A loss-of-function nonsynonymous polymorphism in the osmoregulatory TRPV4 gene is associated with human hyponatremia

Wei Tian, Yi Fu, Anna Garcia-Elias, José M. Fernández-Fernández, Rubén Vicente, Patricia L. Kramer, Robert F. Klein, Robert Hitzemann, Eric S. Orwoll, Beth Wilmot, Shannon McWeeney, Miguel A. Valverde, David M. Cohen

Research output: Contribution to journalArticlepeer-review

84 Scopus citations


Disorders of water balance are among the most common and morbid of the electrolyte disturbances, and are reflected clinically as abnormalities in the serum sodium concentration. The transient receptor potential vanilloid 4 (TRPV4) channel is postulated to comprise an element of the central tonicity-sensing mechanism in the mammalian hypothalamus, and is activated by hypotonic stress in vitro. A nonsynonymous polymorphism in the TRPV4 gene gives rise to a Pro-to-Ser substitution at residue 19. We show that this polymorphism is significantly associated with serum sodium concentration and with hyponatremia (serum sodium concentration ≤135 mEq/L) in 2 non-Hispanic Caucasian male populations; in addition, mean serum sodium concentration is lower among subjects with the TRPV4P19S allele relative to the wild-type allele. Subjects with the minor allele were 2.4-6.4 times as likely to exhibit hyponatremia as subjects without the minor allele (after inclusion of key covariates). Consistent with these observations, a human TRPV4 channel mutated to incorporate the TRPV4P19S polymorphism showed diminished response to hypotonic stress (relative to the wild-type channel) and to the osmotransducing lipid epoxyeicosatrienoic acid in heterologous expression studies. These data suggest that this polymorphism affects TRPV4 function in vivo and likely influences systemic water balance on a population-wide basis.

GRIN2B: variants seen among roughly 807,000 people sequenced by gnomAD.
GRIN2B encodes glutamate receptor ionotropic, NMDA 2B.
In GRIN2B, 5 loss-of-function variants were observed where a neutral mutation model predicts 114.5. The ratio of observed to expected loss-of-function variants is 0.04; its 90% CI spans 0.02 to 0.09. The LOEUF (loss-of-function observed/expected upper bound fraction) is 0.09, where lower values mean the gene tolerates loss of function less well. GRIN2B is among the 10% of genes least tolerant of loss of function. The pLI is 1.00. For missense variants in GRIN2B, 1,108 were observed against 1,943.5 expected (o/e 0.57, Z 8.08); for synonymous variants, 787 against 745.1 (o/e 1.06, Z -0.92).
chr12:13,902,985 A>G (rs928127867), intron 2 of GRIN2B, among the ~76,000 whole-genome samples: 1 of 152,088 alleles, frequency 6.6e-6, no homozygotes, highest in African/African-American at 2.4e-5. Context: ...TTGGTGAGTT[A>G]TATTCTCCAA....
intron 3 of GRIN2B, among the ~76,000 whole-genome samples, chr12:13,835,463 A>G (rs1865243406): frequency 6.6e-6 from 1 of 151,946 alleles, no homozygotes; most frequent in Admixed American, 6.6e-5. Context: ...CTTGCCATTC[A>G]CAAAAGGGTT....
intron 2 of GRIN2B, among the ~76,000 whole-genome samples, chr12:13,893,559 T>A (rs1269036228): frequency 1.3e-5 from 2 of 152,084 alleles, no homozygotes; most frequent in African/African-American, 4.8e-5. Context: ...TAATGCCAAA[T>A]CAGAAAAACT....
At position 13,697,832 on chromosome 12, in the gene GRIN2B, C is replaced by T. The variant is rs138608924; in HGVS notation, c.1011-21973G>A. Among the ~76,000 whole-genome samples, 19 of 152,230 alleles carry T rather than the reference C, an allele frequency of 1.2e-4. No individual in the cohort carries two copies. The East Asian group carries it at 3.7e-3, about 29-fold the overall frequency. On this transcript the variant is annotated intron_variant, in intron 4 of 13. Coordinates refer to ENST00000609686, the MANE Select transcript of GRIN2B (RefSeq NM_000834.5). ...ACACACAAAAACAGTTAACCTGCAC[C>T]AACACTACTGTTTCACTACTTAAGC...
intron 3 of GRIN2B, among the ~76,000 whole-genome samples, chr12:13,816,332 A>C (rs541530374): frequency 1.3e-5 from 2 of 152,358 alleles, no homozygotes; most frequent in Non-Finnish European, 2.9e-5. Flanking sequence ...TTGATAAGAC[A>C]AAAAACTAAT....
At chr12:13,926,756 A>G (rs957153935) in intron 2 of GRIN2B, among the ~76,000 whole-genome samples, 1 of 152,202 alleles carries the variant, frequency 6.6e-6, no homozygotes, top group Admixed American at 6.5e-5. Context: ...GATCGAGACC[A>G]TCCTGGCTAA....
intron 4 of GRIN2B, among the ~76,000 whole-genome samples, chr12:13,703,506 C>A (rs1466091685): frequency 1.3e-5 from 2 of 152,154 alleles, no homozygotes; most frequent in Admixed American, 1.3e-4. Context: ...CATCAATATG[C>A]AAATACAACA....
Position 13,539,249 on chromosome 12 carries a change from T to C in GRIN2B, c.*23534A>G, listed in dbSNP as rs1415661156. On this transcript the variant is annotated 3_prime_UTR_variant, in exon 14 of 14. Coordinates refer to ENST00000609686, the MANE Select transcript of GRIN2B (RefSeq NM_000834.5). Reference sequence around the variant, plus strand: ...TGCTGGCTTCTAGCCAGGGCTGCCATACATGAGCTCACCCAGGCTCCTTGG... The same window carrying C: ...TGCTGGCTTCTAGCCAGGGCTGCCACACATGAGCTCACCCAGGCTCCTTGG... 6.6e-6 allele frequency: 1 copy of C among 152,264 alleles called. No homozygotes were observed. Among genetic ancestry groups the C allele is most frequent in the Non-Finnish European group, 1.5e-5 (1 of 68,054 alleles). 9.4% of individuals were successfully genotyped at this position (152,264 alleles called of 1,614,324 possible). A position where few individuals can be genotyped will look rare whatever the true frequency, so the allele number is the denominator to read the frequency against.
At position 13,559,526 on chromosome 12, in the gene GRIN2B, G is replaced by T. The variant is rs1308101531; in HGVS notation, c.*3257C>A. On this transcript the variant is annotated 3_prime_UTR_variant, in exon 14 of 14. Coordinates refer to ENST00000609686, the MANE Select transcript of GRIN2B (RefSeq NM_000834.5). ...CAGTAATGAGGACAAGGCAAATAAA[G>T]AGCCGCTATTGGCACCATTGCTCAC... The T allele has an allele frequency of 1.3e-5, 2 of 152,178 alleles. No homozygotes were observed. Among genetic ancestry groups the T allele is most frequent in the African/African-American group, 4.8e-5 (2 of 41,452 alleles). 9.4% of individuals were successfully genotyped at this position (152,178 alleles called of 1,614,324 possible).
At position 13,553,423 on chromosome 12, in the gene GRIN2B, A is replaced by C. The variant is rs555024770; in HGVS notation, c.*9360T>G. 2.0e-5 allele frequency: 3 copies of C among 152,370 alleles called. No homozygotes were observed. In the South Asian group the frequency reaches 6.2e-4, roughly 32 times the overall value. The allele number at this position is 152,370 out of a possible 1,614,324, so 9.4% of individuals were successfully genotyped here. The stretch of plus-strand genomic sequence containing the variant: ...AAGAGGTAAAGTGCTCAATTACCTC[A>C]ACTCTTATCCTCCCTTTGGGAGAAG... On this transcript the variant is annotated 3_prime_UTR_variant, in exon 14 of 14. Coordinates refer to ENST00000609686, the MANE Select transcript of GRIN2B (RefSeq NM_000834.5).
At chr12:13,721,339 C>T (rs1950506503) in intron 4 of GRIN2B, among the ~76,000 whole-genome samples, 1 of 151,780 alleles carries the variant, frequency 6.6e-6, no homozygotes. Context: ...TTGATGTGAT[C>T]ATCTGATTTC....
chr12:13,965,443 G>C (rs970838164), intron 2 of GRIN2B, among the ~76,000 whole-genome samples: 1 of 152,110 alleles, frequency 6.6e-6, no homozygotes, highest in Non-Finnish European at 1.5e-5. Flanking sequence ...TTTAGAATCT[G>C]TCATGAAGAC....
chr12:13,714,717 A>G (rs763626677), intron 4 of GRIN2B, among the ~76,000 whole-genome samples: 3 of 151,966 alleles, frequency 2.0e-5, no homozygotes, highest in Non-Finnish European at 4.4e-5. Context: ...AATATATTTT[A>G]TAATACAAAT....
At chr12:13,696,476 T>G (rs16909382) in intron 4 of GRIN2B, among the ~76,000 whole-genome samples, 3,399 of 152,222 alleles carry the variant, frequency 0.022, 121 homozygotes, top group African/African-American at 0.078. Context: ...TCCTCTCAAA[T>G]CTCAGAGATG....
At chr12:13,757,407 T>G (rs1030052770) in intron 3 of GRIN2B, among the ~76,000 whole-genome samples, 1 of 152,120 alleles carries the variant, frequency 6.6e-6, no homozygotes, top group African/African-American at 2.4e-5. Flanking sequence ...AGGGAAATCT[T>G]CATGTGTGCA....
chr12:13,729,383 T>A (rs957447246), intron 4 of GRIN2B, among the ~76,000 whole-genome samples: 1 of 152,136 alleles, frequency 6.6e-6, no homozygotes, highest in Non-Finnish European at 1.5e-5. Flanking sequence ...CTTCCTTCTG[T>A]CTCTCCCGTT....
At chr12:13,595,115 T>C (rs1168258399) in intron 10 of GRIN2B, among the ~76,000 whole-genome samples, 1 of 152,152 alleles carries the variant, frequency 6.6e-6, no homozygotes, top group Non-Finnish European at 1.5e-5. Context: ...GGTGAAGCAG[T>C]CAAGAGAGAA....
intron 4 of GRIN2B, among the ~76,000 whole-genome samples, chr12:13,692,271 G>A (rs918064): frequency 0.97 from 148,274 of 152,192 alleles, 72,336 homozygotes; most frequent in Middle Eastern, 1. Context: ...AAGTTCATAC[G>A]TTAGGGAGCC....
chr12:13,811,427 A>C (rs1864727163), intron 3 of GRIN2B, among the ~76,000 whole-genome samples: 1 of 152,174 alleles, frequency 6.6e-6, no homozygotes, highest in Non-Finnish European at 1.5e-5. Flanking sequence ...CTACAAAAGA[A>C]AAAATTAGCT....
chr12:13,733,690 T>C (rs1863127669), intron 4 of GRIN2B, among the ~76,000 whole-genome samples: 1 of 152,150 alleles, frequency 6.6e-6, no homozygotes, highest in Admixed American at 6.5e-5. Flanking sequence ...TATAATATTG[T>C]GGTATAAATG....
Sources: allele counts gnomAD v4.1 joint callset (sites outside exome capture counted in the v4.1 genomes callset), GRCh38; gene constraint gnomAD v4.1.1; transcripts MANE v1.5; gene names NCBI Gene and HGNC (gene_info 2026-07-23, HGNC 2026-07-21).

Original languageEnglish (US)
Pages (from-to)14034-14039
Number of pages6
JournalProceedings of the National Academy of Sciences of the United States of America
Issue number33
StatePublished - Aug 18 2009


  • Association study
  • Cell volume regulation
  • Osmoregulation
  • Sodium
  • Transient receptor potential

ASJC Scopus subject areas

  • General


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